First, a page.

There may be a lack of will, but it isn't the only obstacle to taking prosecutions under the existing legislation.

The Civil Liability and Courts Act (2004) has enabled judges to throw out cases they believe to be bogus or fraudulent. But few prosecutions have been taken.

Section 25 of the Act applies to anyone giving false or misleading evidence in a personal injuries action with intention to mislead the court.

Section 14 requires the plaintiff specifically to swear an affidavit as to the truth of all assertions, allegations and information provided to the defendant.

This seems pretty clear-cut. Yet, when the Cost of Insurance Working Group looked at the use of the legislation, it found no instance of a prosecution or conviction under Section 14.

One of the reasons why personal injuries fraud cases are not being pursued is that the original court action takes place in the civil courts. Having a follow-up criminal prosecution requires the Gardaí to go right back to the original events.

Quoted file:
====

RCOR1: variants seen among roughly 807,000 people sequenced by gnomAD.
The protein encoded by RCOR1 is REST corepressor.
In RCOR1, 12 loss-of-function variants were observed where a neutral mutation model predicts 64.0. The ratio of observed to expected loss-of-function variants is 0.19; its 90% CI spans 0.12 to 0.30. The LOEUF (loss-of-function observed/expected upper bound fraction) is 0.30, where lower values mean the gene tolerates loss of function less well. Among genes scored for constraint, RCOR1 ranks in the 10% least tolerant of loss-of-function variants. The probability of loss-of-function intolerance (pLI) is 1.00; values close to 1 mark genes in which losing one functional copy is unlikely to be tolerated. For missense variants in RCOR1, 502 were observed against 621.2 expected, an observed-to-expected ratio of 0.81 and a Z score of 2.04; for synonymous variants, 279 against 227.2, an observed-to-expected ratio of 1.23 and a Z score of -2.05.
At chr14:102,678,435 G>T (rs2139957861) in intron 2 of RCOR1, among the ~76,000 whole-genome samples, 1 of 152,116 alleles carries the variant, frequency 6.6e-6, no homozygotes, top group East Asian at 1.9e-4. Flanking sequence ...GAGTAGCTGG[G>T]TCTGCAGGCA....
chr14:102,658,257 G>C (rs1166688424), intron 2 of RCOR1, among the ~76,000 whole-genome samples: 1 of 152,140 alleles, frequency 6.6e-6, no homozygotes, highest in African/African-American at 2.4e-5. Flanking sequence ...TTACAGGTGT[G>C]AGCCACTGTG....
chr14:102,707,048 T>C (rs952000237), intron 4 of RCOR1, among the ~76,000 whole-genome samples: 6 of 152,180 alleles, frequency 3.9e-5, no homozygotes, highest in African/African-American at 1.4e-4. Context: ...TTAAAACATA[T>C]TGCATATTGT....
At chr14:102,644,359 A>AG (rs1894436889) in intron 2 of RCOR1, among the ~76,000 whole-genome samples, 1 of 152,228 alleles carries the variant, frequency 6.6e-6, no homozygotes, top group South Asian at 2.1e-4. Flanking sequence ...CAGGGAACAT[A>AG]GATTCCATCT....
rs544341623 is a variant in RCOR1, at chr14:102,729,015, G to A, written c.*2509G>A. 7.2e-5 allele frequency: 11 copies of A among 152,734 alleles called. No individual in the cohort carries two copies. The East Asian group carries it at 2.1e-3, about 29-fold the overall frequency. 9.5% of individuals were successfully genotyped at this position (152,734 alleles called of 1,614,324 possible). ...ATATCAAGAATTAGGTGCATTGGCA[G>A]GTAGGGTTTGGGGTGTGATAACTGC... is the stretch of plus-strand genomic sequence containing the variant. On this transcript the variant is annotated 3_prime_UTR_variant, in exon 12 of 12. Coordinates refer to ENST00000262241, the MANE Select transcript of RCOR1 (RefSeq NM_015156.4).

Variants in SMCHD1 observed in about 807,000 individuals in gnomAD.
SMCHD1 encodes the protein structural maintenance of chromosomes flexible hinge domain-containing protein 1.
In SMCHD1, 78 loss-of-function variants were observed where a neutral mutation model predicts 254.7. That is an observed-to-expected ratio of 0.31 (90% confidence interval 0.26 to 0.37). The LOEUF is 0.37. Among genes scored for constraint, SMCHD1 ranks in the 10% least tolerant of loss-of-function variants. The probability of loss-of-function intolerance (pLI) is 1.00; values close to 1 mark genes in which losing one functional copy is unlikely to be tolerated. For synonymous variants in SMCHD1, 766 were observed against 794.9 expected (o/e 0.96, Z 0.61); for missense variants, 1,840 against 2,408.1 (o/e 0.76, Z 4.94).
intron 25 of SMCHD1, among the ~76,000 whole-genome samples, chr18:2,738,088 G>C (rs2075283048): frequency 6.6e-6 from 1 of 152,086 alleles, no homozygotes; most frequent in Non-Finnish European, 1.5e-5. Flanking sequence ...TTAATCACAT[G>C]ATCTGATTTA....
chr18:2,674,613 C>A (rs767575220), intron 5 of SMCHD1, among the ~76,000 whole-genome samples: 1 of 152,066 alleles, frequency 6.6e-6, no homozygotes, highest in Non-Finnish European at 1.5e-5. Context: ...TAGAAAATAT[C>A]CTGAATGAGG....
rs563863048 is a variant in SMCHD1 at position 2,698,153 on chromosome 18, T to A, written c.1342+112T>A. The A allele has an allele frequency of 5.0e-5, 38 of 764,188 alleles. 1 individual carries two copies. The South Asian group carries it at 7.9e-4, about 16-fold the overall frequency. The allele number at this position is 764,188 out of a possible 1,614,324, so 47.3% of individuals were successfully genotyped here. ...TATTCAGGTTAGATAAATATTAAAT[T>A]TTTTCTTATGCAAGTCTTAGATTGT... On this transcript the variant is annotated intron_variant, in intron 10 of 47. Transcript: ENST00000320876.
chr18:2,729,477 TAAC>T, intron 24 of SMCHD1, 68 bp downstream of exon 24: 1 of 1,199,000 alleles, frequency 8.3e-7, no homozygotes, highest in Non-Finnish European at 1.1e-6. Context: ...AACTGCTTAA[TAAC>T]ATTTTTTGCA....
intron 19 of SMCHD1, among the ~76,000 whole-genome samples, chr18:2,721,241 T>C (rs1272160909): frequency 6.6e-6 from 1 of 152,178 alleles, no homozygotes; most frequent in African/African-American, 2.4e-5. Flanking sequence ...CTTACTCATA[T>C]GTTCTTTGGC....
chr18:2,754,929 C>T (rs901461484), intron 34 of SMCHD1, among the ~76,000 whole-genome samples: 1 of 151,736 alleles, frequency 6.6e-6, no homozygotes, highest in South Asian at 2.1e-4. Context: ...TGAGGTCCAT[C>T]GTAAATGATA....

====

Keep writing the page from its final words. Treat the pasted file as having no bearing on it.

If a Garda was not called to the scene of the alleged accident at the time, they won't have been involved in the events at all.

So somebody can refer a case of suspected fraud to the Gardaí, but the chances of securing a criminal prosecution for fraud may be very slim. The Garda resources required would be significant.

We have seen from a recent Oireachtas committee hearing with insurance company executives how few cases they refer to the Gardaí. Under questioning from Sinn Fein's Pearse Doherty, it became evident that while insurers claim there are lots of frauds going on, they are not making many Garda referrals.

Perjury cuts to the heart of the fraudulent, bogus or exaggerated claim. It is also quite specific in nature. The new bill defines perjury for the first time in Irish law. A follow-up criminal case would ask not whether someone had taken a fraudulent claim but whether they had lied in court documents or evidence.